Ron Kirn
     
    Last edited: May 24, 2008
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  13. Ronkirn

    Ronkirn Doctor of Teleocity

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    I’ve about completed everything by now….

    [​IMG]

    So it’s about time to check things out…I’ve connected the jack. For those that may be unaware, the spiraled hookup wire is for a reason; by spiraling them you get a shielding effect. So if you want it quiet, and want the vintage appearance of cotton covered wire, twist ‘em.

    [​IMG]

    Now, I plug ‘er in to the amp, Ummmm . . . turned down… and using a specially developed tool I’ll test each pickup and switch combination.

    [​IMG]

    ready for installation. . ..

    Those specially developed pickup testing tools are great, they’re available at about any Office Supply store…. I don’t know why, but for some reason they seem to think they need to hide them… they’re concealed with a fictitious name, look for Paper clips…go figure…

    Next I’ll be finishing the neck…..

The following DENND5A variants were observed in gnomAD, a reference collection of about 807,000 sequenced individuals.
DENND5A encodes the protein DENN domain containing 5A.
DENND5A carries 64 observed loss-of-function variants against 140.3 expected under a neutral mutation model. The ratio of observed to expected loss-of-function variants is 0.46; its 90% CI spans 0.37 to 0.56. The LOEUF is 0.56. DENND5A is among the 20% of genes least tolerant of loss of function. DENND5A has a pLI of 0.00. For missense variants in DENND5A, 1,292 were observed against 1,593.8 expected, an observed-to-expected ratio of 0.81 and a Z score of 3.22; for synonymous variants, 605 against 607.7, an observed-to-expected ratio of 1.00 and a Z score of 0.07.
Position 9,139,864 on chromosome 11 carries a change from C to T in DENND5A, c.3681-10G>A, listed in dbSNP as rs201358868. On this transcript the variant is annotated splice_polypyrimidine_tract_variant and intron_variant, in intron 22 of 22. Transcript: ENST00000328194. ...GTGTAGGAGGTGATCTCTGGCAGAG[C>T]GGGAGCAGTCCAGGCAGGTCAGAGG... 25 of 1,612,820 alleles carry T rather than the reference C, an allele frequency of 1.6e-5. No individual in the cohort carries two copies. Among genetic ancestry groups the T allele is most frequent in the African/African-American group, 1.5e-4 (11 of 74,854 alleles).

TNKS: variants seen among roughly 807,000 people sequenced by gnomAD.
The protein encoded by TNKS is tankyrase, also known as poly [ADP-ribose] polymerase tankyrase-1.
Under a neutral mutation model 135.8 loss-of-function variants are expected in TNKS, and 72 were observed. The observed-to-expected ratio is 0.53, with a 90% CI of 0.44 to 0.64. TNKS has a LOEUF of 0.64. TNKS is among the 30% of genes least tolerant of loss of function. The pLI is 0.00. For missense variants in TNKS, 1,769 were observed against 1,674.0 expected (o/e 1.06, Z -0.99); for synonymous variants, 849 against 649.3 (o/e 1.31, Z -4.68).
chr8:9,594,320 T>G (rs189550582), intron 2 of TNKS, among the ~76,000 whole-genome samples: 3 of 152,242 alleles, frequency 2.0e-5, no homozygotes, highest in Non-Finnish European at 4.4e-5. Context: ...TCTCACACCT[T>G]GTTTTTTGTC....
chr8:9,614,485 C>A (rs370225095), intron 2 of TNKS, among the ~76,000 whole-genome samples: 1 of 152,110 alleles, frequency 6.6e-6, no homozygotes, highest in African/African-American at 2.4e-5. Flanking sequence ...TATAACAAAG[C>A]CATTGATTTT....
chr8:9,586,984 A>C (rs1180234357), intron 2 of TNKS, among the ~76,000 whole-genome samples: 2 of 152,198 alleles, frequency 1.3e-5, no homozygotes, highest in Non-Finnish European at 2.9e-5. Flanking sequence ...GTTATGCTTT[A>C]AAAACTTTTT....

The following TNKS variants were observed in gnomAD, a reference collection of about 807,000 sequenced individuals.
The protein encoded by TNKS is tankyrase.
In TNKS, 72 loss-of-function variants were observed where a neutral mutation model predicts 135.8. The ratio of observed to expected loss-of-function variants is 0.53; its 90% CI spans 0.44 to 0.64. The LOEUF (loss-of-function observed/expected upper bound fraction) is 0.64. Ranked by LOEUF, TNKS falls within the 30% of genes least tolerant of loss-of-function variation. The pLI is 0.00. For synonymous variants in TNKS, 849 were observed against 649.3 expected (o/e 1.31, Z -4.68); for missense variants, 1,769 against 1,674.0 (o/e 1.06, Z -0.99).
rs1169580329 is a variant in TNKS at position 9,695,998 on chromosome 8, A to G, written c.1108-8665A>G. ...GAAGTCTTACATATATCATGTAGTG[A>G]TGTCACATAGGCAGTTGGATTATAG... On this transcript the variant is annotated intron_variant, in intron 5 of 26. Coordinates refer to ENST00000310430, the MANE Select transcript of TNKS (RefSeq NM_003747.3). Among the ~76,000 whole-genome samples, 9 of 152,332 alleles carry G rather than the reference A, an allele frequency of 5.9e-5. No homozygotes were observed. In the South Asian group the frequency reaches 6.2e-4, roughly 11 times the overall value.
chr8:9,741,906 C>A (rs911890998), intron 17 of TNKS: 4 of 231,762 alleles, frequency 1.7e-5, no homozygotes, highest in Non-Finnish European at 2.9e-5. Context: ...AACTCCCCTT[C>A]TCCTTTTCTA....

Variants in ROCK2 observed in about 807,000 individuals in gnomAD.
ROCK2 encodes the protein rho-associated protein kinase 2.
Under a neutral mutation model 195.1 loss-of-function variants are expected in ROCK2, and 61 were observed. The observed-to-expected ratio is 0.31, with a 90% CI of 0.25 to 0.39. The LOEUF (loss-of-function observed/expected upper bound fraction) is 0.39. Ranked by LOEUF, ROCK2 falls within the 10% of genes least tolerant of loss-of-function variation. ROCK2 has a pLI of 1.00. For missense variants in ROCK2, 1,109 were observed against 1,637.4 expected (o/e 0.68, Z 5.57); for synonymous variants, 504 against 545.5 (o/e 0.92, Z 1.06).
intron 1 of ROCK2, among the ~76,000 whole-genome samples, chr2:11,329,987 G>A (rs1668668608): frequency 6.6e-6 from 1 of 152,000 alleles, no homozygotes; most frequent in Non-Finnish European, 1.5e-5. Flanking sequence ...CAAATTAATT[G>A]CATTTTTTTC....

Ron Kirn
     
    Last edited: May 24, 2008
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  14. Ronkirn

    Ronkirn Doctor of Teleocity

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    Yes I do, just by hand with a 320 - 500 whatever I grab.... I don't buff, the polished edge makes it look like those molded pickguards you see on 50 dollar Wal Mart Specials...

    I sand to remove the router tool machine marks...

    Ron Kirn
     
  15. pottedmeat42

    pottedmeat42 Tele-Meister

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    Thank you Ron for taking the time to share your process with us. =jason
     
  16. ROADMAN

    ROADMAN Poster Extraordinaire

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    could not be more informative and entertaining Ron...
    thanks so much....I look forward to the next excerpt.
     
  17. Flat357

    Flat357 Banned

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    Lovin it :D
     
  18. fletch